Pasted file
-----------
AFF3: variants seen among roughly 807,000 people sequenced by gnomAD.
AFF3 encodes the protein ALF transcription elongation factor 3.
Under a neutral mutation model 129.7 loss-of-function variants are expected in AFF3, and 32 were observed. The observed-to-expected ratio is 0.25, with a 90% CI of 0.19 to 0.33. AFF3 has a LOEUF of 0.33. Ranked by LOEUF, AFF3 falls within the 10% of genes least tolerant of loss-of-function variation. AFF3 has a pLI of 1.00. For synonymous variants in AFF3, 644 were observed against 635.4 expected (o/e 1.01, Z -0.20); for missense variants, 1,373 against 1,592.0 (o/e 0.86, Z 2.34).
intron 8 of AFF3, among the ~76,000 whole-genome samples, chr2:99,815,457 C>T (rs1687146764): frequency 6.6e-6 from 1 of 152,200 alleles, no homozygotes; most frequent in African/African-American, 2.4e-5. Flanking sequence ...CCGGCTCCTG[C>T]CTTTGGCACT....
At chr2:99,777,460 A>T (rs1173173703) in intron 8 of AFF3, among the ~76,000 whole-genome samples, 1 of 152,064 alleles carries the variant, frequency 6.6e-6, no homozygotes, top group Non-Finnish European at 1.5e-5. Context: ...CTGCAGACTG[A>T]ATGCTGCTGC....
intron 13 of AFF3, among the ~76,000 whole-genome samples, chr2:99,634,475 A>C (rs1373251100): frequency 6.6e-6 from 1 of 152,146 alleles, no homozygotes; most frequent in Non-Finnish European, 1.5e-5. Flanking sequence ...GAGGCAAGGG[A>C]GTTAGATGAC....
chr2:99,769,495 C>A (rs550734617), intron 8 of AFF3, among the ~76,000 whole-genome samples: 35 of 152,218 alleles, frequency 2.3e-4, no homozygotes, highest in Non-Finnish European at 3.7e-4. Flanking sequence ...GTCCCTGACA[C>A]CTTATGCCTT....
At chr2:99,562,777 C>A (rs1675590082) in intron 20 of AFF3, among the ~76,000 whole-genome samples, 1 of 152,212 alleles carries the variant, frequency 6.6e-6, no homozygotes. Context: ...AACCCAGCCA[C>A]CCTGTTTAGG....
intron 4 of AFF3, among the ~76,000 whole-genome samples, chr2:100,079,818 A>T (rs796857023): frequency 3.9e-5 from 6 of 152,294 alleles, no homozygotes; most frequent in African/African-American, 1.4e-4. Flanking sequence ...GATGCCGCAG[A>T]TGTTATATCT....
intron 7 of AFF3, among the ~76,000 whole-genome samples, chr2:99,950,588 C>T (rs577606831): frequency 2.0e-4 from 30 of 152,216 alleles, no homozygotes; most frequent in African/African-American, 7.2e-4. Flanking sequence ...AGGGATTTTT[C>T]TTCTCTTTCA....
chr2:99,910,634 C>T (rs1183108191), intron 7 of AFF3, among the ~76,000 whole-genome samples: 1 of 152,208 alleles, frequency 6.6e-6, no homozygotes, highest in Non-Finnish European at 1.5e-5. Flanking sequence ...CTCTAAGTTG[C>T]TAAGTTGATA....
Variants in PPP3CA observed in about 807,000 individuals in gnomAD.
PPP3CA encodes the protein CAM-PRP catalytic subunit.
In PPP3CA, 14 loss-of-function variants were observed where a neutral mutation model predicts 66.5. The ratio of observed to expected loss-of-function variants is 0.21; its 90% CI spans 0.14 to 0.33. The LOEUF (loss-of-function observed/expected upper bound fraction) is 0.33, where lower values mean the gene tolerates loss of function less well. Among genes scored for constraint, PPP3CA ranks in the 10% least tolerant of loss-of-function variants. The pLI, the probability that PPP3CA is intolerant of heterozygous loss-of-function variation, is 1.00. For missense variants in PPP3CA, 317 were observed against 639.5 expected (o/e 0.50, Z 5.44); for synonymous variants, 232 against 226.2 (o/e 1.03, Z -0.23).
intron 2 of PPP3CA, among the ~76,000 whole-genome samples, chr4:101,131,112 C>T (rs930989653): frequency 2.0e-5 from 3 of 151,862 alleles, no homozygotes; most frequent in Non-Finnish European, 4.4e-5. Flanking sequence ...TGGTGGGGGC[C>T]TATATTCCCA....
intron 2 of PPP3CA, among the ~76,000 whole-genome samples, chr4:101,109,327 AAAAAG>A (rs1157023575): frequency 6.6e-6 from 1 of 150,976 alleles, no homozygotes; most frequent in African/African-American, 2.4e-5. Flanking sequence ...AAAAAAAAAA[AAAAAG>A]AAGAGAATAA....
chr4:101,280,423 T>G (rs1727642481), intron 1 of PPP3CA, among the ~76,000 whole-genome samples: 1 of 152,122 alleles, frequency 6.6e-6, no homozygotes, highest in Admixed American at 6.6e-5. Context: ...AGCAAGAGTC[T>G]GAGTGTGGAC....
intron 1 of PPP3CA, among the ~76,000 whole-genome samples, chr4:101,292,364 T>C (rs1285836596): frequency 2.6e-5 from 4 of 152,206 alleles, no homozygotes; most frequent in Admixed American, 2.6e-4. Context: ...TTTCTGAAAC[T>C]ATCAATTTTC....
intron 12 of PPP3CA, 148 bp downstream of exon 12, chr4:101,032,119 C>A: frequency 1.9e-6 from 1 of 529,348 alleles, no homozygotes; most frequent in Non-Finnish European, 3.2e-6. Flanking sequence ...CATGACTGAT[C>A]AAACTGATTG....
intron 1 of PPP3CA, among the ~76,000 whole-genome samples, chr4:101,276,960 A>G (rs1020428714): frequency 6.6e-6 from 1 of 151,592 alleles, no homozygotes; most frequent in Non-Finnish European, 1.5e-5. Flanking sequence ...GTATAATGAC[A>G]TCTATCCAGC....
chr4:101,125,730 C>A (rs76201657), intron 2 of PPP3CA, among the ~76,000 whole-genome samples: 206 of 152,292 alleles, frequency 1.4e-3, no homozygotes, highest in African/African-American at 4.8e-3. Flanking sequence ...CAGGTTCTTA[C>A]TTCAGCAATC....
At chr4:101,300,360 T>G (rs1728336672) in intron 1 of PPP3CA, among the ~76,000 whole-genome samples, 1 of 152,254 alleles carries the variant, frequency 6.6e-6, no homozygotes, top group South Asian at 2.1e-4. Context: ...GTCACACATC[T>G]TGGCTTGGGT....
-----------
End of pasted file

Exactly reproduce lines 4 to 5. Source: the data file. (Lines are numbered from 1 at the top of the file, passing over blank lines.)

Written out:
intron 8 of AFF3, among the ~76,000 whole-genome samples, chr2:99,815,457 C>T (rs1687146764): frequency 6.6e-6 from 1 of 152,200 alleles, no homozygotes; most frequent in African/African-American, 2.4e-5. Flanking sequence ...CCGGCTCCTG[C>T]CTTTGGCACT....
At chr2:99,777,460 A>T (rs1173173703) in intron 8 of AFF3, among the ~76,000 whole-genome samples, 1 of 152,064 alleles carries the variant, frequency 6.6e-6, no homozygotes, top group Non-Finnish European at 1.5e-5. Context: ...CTGCAGACTG[A>T]ATGCTGCTGC....